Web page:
Recently, the Food and Drug Administration (FDA) and American Society of Clinical Oncology (ASCO) held a joint virtual workshop on clinical outcome assessments in clinical trials for cancer treatments. This was a 5th workshop to demonstrate the progress of the FDA’s ongoing initiative to incorporate patient input into drug development.
This workshop provided a forum for productive, collaborative, multidisciplinary discussions to advance the understanding of complex issues surrounding the use of patient reported outcomes (PRO) in clinical trials, bringing together stakeholders from academia, industry, international regulatory, and patient advocacy groups. The specific goal of this meeting was the discussion around regulatory-grade patient-reported data on the tolerability of investigational drugs.
This is an issue we’re passionate about at Koneksa: collecting both objective, as well as patient-reported, measurements in clinical trials is a core part of our business (fully aligned with the FDA’s goals on this topic).
Patient tolerability has become increasingly important to study because, in the emerging plethora of novel anticancer therapies, patients want to discriminate between drugs properly and understand better how they will feel and function taking a certain treatment. Patients want to know the impact that a treatment might have on their cognitive and physical function, their ability to do daily activities, or their ability to maintain their independence.
Moreover, the FDA is looking into ways to make clinical trials more patient-friendly by broadening eligibility criteria, improving trial access and reducing disparities in access. They are learning from healthcare systems and pragmatic clinical trials, decentralized clinical trials, and digital health technology tools for remote data acquisition.
The COVID-19 pandemic has turned out to be a grand experiment for decentralized clinical trials. The recently launched website, “Project Patient Voice,” belongs to the FDA’s Oncology Center of Excellence, and is “an online platform for patients and caregivers along with their healthcare providers to look at patient-reported symptom data collected from cancer clinical trials.” It will provide data visualization tools – tables, graphs, and charts – to help users. The meeting participants discussed how to identify the best methods to assess tolerability and the best frequencies for assessment, and provided some real-life examples (via interactive panel discussions) presenting diverse points of view.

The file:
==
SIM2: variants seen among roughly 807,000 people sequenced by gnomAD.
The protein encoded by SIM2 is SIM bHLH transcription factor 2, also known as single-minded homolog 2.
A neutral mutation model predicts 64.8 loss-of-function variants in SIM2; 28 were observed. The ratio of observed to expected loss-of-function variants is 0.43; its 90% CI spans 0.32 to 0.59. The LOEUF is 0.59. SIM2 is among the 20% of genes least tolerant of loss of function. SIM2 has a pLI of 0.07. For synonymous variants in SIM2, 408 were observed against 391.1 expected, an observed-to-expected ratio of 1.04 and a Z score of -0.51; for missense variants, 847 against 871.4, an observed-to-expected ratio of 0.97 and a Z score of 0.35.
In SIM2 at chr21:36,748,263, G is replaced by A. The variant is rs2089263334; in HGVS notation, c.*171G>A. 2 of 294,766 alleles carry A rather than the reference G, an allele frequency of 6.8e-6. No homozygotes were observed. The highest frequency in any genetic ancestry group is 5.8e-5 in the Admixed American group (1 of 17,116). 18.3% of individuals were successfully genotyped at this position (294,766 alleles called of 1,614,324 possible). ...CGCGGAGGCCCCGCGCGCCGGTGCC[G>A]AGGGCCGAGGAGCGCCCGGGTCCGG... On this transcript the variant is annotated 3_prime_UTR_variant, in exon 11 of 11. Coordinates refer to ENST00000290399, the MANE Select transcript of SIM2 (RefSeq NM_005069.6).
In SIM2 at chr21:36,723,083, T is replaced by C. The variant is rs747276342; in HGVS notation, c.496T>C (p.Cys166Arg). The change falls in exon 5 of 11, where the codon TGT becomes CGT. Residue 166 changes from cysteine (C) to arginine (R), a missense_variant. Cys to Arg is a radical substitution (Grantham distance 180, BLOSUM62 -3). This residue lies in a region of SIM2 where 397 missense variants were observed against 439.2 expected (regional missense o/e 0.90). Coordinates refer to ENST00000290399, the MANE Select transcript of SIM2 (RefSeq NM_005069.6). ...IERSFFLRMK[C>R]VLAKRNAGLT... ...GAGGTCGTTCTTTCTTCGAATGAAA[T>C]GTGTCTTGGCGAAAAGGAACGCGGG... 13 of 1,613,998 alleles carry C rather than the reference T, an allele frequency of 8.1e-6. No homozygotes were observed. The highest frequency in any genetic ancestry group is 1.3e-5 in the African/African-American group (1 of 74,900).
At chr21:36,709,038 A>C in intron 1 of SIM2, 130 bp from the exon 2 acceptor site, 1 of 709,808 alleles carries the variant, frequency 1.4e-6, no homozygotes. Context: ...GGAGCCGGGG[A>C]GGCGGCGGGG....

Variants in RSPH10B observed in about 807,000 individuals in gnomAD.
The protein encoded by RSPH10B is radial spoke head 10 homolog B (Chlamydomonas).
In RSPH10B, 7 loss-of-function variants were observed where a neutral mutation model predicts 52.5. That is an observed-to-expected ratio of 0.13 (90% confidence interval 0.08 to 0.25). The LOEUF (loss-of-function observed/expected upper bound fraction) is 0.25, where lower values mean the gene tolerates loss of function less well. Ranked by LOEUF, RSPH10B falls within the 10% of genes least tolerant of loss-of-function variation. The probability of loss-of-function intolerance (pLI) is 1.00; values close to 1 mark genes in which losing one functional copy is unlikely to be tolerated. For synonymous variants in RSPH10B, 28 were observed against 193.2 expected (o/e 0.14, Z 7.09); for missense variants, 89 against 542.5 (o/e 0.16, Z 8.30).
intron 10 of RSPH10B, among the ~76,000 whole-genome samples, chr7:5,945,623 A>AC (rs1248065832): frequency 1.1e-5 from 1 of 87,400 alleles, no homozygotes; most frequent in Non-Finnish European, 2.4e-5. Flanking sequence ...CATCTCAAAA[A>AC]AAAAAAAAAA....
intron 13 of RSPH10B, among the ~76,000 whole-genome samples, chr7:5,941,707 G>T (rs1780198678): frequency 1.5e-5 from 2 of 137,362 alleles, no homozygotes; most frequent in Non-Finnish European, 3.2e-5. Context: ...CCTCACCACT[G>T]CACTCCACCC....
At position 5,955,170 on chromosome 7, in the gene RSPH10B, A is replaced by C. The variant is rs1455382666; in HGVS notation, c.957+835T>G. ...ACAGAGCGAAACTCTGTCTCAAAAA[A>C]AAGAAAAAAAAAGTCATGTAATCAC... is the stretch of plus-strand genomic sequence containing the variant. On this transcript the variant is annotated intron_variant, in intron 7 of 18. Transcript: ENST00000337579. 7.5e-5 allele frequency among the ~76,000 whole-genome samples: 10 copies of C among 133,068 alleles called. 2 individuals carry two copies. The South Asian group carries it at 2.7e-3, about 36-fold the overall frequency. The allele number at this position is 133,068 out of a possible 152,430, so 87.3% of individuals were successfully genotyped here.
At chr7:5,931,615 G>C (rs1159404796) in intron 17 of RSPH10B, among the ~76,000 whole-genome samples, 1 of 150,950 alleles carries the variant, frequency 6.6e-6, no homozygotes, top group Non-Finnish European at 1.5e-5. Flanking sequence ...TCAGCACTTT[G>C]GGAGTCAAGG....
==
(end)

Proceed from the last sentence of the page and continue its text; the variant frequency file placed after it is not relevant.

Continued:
Three important takeaways from this workshop:
1. The selection of functions to be assessed to determine the tolerability of an investigational drug depends on the specific patient population.
2. Frequent assessments are needed. Patients are willing to contribute to these assessments, as long as they understand why data collection is important.
3. Optimization of frequent PRO data collection in clinical trials should be a norm.
The agency has highlighted that technologies are improving researchers’ capabilities to capture ePRO as well as wearable device and sensor data (reference). At Koneksa, we have established academic collaborations (ref, ref) and worked with pharma sponsors (ref, ref, ref) to collect ePRO and wearable data in cancer patients.
Our experience shows that cancer patients are willing to collect data, and both ePRO and wearable data compliance is very high. These data, unlike conventional clinical-trial endpoints like tumor progression or survival, provide unique insights into a patient’s journey, capture patient input, and objectively measure parameters highlighted by patients, such as physical activity and sleep.
Moreover, these patient-centric measures have a strong potential to differentiate among different therapies and, therefore, guide treatment decisions. We believe, with the FDA, that the extension of life for cancer patients should not be traded for quality of life!